Beth just posted a great piece on Fight Hunger’s campaign to Click to Feed Child. The campaign in Facebook, takes the user to a page where clicking on sponsors donates $.19. This is similar to the long-standing fundraising sites for The Breast Cancer Site, the Rainforest Site, and others.
The three most likable aspects of the campaign, as Beth lists them, are also the aspects that make the campaign successful regardless of the organization’s size, location, service area.
1. “It’s easy and makes me feel good. I don’t have to donate, but the simple act of clicking contributes.” Make sure that the campaign doesn’t require donation of money from every participant: People could raise awareness of your campaign through their networks, donate time/volunteer skills, contribute stories of their own experiences that support your services or fundraising topic, etc.
2. “It takes me to the web site and there are plenty of opportunities for me to opt into getting in their lists.” Direct people back into your site and provide plenty of options for continued giving/participation in the campaign (opportunities to take part in the other options that they hadn’t yet done), staying in the loop with a newsletter sign up, and other media tools like blogs and videos to view, especially ones that focus on the campaign or campaign issue.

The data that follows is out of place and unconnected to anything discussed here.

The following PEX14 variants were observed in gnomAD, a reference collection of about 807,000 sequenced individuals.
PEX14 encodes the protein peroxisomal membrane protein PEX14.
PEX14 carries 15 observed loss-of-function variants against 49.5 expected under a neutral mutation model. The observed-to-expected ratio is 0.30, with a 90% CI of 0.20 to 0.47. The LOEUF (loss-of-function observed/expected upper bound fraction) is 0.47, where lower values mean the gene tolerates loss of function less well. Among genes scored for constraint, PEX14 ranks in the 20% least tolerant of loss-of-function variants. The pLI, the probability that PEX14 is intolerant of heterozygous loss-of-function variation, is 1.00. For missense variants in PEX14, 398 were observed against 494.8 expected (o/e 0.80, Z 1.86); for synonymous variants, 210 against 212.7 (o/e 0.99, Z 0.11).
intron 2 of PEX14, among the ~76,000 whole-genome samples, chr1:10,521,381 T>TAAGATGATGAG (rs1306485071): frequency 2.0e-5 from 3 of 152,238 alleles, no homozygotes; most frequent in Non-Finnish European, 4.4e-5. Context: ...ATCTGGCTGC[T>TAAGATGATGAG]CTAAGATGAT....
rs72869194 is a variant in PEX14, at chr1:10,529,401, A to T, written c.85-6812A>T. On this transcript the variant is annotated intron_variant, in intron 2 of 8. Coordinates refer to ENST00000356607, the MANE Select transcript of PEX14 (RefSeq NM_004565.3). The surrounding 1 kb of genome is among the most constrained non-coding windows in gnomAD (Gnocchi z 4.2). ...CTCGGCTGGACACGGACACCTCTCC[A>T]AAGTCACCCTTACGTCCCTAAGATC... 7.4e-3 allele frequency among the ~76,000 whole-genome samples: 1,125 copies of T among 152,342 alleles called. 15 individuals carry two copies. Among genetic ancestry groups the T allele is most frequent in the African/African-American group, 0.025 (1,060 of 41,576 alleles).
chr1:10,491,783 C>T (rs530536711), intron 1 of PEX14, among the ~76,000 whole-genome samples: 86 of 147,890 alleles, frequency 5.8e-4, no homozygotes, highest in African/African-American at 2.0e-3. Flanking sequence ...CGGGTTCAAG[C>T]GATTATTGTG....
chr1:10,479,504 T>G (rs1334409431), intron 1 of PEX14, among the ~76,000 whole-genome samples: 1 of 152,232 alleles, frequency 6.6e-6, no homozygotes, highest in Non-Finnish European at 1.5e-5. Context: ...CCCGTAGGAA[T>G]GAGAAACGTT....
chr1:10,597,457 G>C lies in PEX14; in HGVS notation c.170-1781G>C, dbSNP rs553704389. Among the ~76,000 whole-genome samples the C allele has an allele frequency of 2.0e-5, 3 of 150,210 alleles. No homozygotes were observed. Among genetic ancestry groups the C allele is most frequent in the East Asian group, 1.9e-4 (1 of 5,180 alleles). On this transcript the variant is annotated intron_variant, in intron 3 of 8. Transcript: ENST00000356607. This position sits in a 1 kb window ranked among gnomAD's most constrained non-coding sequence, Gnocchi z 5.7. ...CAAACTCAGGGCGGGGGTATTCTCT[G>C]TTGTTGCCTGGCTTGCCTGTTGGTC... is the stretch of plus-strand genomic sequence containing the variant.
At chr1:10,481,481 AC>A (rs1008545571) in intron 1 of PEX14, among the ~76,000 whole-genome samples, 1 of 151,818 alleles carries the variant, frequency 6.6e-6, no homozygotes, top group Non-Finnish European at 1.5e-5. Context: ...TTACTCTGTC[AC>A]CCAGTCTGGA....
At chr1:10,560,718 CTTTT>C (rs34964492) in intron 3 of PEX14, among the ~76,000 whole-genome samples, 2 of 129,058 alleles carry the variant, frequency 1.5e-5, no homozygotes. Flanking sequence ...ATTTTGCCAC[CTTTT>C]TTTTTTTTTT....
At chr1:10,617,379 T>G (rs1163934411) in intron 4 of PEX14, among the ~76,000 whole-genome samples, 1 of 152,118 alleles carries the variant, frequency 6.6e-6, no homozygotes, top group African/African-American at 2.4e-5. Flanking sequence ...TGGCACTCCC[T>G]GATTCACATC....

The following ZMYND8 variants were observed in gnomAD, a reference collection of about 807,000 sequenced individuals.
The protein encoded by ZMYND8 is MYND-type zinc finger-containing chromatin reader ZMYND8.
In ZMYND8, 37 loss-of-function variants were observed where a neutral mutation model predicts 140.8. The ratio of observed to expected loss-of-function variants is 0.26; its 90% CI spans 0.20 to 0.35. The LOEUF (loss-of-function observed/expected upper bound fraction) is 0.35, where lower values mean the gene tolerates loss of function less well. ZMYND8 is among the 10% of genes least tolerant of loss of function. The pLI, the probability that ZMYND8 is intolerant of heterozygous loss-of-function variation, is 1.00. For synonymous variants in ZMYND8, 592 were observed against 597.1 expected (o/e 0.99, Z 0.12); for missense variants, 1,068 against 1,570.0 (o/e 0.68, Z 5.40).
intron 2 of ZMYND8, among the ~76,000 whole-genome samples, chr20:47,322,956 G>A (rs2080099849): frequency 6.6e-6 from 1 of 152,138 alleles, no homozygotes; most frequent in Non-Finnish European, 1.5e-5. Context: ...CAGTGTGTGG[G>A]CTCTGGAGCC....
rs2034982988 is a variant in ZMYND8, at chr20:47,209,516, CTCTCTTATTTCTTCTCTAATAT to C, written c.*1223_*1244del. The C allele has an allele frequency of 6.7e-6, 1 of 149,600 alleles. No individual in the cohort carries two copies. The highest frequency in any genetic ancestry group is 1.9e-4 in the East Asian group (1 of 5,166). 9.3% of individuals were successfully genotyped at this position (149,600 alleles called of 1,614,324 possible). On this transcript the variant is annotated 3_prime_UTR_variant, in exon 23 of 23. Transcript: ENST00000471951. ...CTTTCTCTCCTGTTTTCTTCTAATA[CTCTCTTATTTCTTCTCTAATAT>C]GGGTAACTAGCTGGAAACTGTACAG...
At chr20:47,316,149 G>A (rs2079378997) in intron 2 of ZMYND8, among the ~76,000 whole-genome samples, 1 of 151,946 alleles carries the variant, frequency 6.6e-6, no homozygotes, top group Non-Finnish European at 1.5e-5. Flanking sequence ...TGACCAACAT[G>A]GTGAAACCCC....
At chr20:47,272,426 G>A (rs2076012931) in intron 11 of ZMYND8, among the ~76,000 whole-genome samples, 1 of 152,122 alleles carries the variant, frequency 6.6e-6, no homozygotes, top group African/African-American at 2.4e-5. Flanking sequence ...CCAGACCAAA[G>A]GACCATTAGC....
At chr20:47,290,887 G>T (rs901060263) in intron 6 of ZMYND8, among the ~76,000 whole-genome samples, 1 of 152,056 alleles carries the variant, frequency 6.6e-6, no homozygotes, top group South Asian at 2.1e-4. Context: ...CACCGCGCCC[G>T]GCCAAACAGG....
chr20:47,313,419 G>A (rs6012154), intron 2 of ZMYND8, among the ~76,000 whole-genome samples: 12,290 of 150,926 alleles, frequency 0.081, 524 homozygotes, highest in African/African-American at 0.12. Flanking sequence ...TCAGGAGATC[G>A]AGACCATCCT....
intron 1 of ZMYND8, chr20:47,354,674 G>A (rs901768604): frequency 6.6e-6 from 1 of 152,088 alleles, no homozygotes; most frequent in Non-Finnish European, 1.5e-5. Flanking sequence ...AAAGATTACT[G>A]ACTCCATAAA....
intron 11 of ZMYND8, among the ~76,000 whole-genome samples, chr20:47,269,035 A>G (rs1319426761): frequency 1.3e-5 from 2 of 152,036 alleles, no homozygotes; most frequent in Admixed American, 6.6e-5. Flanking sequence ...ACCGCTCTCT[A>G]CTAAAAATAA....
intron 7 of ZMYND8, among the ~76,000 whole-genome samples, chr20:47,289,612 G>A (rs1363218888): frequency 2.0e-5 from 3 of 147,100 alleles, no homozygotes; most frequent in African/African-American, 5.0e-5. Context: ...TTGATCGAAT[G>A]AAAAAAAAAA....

3. “It seems like an excellent way to leverage a network you’ve built up in Facebook.” Put campaigns out in the places where people can find them and take action without you directly asking them to, like Facebook. One of the greatest aspects of social media tools is that it can save organizations a great deal of time: Create the campaign/message once, put it out into social networks, and then let individuals, groups, and networks pick it up from there. If you already have a presence in a social networking space, like Facebook, and you create a campaign, then you already have a base of people who will likely be willing to donate themselves or spread the word for you to their networks.
You do not need to be a large organization to take advantage of these tools. Even small grassroots nonprofits could and should be participating in social media, especially when it comes to fundraising. Some would even argue that it is most important for the smaller organizations as they are already behind when it comes to internal capacity, awareness, and resources.
The main lesson: Get your cause out there where others can do the fundraising for you!